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Home General Supreme Court grants Zenaida Moya-Flowers 2 out of 3 injunctions

Supreme Court grants Zenaida Moya-Flowers 2 out of 3 injunctions

Supreme Court Justice Minnet Hafiz handed down her decision today in the case that Zenaida Moya-Flowers brought against the United Democratic Party (UDP) after she was expelled from the UDP National Party Council (NPC) on October 3, 2009.
  
Moya-Flowers had filed a number of court injunctions against the party in the hope that she would stave off the UDP hounds from expelling her from the party altogether.
  
One of the injunctions that she filed through her attorneys Dr. Elson Kaseke and Godfrey Smith was an interim injunction to restrain the UDP from excluding her from the NPC, and another was to restrain the party’s Central Executive Committee from taking certain actions against her. The UDP was defended in court by attorney Michael Young, Senior Counsel, and Deanne Barrow.   
  
On October 1, Belize City Mayor, Zenaida Moya-Flowers, along with her financial managers from the Belize City Council, was arraigned on criminal charges in the Magistrate’s Court.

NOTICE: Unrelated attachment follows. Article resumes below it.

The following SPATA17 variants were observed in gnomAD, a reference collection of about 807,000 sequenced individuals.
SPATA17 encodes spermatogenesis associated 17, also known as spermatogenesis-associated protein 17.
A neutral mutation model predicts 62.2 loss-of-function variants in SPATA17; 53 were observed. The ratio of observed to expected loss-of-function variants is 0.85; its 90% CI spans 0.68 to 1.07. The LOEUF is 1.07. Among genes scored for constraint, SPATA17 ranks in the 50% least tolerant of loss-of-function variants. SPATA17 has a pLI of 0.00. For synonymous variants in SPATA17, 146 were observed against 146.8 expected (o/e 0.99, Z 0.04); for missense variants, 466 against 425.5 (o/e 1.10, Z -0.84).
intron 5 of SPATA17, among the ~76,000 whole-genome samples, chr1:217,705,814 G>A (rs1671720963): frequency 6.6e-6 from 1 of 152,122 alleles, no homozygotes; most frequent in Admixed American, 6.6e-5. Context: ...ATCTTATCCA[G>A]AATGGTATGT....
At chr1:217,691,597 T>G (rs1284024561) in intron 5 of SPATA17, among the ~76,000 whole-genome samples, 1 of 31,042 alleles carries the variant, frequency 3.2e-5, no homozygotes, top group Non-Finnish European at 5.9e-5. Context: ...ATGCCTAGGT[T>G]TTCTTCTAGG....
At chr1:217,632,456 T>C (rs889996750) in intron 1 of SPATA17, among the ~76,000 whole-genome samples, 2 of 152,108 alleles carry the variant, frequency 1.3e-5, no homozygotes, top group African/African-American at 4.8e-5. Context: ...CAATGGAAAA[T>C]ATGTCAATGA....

Following the court arraignments, Mayor Moya-Flowers held an impromptu press briefing on the steps of the court building. In her statements to media, Moya-Flowers was unsparing and castigated the leadership of the party—mainly blaming UDP leader and Prime Minister Dean Barrow, and “his minions” for her legal woes. 
  
Two days later, the party struck back. Zenaida Moya-Flowers was expelled from the UDP National Party Council.
  
But that was not the end of the matter; the NPC also referred the matter to the party’s Central Executive “for further consideration.”
  
The UDP’s internal maneuvers to discipline Moya-Flowers, however, suffered a setback when on October 20, the embattled mayor filed a Claim Form with the Registrar of the Supreme Court. The initial Claim Form was later amended on October 29. In the amended version there were several declarations that Moya-Flowers sought.
  
The injunctions sought to prohibit the UDP from excluding her from the NPC until the trial of the Claim, or further order.
  
In a second injunction, she sought to prohibit the UDP Central Executive from further consideration of her conduct until the trial of the Claim or further order.
  
The third injunction sought to prohibit the UDP Central Executive and the NPC from taking any further steps or actions in respect of any disciplinary measures or hearings against her.
  
The grounds of Moya-Flowers’ application are that the NPC meeting of October 3, 2009 was held contrary to the UDP Constitution and that the decisions of the NPC were made contrary to her rights to natural justice—specifically the right to be heard and to be appraised in advance of the case against her and to be given adequate opportunity to defend herself.